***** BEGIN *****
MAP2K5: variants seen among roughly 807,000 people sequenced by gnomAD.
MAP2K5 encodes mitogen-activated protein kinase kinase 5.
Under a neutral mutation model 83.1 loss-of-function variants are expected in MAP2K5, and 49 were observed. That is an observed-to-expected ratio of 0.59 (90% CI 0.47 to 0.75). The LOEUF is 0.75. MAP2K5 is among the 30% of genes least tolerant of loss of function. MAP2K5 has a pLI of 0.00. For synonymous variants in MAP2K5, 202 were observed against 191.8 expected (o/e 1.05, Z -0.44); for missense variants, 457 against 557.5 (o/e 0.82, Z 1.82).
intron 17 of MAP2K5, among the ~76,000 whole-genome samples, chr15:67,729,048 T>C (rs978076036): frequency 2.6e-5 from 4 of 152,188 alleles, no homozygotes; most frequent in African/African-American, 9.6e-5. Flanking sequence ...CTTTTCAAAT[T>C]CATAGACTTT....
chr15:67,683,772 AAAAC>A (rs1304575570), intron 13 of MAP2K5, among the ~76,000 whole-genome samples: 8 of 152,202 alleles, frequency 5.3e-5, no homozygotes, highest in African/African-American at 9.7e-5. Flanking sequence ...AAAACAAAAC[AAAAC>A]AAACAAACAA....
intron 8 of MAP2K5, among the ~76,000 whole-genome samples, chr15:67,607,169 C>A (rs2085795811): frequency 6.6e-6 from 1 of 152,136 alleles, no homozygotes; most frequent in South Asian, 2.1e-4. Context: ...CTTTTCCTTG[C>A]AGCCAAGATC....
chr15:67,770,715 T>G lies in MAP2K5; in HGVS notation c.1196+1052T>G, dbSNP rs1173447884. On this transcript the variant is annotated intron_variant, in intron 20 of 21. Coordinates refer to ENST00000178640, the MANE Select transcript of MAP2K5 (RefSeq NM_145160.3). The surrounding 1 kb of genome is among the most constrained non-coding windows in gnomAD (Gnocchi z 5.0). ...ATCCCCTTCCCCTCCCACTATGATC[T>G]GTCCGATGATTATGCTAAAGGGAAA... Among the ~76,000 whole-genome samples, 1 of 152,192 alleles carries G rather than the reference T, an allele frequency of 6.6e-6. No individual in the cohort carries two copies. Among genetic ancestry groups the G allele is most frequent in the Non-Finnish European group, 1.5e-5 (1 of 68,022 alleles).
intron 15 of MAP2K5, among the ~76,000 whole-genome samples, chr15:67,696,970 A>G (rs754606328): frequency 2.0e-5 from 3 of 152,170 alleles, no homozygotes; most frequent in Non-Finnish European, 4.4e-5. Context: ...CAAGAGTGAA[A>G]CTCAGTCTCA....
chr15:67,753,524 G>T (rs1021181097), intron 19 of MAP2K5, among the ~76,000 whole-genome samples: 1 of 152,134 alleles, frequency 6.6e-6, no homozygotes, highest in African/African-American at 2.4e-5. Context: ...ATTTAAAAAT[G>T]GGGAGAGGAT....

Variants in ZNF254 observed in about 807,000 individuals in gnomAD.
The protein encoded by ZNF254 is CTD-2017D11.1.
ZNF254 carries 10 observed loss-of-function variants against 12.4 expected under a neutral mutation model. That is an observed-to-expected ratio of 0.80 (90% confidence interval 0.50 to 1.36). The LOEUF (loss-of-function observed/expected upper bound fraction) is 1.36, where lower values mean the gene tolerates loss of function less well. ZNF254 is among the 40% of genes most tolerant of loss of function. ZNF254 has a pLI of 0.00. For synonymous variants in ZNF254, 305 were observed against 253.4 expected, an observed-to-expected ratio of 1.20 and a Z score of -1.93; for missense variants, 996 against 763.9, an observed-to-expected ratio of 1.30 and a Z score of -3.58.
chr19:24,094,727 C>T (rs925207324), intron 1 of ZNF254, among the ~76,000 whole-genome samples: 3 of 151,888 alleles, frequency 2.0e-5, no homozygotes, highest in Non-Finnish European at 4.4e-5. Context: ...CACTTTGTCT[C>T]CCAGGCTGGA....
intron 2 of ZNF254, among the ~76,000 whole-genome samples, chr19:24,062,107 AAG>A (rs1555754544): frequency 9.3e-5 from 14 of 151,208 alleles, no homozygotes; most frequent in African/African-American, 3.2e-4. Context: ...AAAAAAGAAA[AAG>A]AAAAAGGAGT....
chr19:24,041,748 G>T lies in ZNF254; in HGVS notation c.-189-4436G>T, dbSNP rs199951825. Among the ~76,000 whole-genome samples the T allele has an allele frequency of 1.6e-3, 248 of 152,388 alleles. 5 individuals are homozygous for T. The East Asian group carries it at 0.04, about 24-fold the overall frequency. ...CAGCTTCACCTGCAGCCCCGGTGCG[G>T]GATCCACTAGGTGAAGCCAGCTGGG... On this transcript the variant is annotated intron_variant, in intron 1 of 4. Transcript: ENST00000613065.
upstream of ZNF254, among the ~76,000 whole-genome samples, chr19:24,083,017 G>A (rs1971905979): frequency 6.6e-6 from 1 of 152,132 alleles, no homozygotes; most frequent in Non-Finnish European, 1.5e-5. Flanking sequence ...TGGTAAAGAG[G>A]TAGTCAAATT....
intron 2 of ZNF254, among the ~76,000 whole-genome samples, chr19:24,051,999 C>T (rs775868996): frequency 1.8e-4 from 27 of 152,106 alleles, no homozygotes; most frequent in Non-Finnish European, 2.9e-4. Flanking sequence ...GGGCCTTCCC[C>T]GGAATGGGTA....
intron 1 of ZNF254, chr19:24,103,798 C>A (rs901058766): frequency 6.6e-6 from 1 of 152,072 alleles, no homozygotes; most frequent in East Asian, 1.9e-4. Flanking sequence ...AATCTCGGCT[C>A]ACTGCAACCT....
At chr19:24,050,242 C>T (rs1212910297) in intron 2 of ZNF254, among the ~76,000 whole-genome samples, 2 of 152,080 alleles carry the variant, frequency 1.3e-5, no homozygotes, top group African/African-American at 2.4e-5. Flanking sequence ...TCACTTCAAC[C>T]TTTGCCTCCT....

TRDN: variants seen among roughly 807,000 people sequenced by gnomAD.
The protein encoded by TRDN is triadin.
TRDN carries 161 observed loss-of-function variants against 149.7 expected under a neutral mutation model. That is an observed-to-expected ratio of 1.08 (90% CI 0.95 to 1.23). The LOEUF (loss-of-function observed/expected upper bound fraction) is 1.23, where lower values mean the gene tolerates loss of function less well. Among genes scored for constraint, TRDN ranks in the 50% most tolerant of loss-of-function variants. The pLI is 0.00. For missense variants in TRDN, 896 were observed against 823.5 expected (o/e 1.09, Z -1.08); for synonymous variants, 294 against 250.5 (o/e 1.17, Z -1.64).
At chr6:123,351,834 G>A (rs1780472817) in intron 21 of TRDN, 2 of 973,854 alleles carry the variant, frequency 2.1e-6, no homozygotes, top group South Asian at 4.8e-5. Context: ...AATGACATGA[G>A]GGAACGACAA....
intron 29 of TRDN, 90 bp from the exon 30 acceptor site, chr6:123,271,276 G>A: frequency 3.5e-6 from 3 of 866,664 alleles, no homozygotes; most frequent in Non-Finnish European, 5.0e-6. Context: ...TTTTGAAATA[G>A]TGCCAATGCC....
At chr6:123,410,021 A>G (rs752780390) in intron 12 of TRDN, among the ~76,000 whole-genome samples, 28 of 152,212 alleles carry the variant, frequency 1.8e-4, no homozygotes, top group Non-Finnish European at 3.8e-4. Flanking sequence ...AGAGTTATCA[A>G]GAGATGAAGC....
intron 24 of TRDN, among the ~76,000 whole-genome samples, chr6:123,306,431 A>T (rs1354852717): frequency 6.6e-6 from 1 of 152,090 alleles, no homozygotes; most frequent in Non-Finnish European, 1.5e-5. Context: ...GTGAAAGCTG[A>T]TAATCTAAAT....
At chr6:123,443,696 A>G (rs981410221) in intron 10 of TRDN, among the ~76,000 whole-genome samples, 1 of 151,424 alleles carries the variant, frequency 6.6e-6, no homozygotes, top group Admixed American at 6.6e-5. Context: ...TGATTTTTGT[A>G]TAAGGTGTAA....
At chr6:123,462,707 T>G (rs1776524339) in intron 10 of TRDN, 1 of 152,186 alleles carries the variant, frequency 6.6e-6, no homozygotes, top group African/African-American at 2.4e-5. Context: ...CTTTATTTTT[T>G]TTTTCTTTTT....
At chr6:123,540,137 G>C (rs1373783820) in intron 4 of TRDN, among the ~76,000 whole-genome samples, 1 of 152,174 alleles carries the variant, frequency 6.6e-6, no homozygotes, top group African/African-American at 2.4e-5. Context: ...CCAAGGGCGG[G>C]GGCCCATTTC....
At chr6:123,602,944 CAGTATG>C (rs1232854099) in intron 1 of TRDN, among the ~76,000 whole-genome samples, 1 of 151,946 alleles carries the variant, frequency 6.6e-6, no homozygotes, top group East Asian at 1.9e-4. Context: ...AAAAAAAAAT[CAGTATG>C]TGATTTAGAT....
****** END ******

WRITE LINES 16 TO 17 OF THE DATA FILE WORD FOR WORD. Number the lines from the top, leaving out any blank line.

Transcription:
upstream of ZNF254, among the ~76,000 whole-genome samples, chr19:24,083,017 G>A (rs1971905979): frequency 6.6e-6 from 1 of 152,132 alleles, no homozygotes; most frequent in Non-Finnish European, 1.5e-5. Flanking sequence ...TGGTAAAGAG[G>A]TAGTCAAATT....
intron 2 of ZNF254, among the ~76,000 whole-genome samples, chr19:24,051,999 C>T (rs775868996): frequency 1.8e-4 from 27 of 152,106 alleles, no homozygotes; most frequent in Non-Finnish European, 2.9e-4. Flanking sequence ...GGGCCTTCCC[C>T]GGAATGGGTA....